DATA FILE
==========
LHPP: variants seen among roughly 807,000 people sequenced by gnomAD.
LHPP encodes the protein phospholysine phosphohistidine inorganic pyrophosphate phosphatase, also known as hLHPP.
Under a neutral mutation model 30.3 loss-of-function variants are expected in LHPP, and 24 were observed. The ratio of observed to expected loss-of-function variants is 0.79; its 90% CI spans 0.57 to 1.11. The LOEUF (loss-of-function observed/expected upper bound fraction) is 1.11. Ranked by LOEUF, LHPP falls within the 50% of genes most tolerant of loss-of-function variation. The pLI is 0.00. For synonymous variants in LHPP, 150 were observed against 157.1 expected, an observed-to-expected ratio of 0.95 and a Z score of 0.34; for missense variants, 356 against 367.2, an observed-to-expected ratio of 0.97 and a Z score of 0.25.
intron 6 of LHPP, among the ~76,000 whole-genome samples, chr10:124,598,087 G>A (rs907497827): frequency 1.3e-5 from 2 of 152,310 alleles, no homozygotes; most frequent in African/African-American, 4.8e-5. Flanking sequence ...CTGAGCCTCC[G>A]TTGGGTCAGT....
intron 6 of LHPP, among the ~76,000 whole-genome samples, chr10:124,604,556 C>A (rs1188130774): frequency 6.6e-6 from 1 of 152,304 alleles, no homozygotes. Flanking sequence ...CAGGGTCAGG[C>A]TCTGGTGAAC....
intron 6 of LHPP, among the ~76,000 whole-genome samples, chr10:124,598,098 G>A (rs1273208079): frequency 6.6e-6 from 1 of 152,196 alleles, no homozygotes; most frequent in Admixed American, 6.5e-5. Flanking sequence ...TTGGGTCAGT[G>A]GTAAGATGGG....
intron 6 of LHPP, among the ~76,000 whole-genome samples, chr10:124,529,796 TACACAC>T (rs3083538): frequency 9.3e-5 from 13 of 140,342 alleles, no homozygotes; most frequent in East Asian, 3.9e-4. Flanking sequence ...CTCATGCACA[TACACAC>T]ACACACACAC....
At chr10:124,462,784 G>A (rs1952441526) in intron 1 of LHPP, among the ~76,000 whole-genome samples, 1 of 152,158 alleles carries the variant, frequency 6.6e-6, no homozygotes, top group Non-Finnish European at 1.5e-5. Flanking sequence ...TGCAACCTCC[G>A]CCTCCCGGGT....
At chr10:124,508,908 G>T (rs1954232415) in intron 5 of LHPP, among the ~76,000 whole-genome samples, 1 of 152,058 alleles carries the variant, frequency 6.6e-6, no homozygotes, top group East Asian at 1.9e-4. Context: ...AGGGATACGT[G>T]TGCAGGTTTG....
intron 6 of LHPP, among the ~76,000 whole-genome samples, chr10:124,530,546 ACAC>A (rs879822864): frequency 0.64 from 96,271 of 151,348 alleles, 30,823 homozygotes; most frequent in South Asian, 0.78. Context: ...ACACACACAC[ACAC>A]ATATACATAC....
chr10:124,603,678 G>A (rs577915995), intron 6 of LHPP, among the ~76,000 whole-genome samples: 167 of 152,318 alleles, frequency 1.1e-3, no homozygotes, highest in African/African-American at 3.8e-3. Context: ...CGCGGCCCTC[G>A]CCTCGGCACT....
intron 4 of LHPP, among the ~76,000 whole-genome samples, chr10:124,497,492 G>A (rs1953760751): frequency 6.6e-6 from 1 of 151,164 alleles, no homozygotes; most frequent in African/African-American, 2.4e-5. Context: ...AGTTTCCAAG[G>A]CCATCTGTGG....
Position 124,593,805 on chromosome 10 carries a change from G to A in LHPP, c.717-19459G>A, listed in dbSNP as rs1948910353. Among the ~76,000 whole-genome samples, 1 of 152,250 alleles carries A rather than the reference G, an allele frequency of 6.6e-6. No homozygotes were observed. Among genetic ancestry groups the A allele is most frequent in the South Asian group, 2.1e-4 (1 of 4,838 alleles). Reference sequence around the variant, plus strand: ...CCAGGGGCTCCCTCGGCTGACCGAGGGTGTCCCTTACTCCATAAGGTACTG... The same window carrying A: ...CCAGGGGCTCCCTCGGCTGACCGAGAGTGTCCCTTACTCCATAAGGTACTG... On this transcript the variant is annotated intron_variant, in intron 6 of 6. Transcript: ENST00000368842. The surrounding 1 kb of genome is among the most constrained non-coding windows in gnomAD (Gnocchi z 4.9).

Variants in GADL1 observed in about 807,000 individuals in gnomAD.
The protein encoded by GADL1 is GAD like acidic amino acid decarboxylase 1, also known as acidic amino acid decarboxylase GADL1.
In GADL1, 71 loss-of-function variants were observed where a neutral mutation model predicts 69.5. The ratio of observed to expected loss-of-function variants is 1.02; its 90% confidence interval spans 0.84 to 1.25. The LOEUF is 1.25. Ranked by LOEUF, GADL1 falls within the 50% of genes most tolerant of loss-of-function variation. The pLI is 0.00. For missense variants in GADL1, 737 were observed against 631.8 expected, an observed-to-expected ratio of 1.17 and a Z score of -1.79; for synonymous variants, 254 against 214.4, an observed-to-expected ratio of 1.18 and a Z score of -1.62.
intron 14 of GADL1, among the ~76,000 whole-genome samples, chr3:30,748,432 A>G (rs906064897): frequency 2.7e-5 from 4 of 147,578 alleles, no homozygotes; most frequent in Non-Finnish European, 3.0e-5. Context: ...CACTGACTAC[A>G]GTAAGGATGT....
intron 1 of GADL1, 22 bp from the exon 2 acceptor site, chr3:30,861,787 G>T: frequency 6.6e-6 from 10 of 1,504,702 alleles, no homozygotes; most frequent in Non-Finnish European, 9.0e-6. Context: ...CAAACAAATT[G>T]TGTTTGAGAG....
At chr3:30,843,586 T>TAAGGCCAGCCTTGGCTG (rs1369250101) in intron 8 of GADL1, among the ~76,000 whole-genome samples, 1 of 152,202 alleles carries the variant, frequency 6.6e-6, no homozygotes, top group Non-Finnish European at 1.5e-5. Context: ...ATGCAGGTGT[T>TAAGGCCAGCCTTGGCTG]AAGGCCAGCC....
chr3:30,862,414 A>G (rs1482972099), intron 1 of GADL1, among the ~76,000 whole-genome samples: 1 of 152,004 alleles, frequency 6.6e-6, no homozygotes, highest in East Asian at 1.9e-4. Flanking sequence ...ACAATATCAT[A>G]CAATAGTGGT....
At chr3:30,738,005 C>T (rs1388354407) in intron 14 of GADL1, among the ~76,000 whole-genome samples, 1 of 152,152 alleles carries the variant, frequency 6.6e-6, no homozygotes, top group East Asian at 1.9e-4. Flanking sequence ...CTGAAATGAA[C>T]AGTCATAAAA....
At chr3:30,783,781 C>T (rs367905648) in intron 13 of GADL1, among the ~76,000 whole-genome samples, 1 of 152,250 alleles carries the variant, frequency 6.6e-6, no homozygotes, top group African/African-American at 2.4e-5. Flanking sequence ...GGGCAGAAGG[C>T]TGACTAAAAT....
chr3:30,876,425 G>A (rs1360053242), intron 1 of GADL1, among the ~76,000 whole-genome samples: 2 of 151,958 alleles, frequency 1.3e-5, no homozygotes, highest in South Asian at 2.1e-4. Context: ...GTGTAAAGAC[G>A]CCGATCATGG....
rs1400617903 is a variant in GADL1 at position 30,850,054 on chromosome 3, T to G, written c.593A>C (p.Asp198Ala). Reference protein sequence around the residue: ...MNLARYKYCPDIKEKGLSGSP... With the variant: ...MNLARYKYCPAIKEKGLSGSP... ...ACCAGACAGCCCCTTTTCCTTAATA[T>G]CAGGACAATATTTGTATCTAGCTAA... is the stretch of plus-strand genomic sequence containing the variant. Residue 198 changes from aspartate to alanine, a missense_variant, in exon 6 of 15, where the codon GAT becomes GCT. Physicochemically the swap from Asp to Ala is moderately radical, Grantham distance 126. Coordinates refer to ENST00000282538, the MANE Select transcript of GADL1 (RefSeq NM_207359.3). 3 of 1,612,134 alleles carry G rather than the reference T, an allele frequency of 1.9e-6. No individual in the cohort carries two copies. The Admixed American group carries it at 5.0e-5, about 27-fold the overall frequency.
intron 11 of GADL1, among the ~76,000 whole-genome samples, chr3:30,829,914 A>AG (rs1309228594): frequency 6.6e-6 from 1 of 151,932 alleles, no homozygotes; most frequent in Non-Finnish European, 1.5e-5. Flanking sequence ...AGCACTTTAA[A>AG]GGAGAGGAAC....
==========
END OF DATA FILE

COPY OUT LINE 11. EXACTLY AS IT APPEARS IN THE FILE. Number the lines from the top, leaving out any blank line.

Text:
chr10:124,603,678 G>A (rs577915995), intron 6 of LHPP, among the ~76,000 whole-genome samples: 167 of 152,318 alleles, frequency 1.1e-3, no homozygotes, highest in African/African-American at 3.8e-3. Context: ...CGCGGCCCTC[G>A]CCTCGGCACT....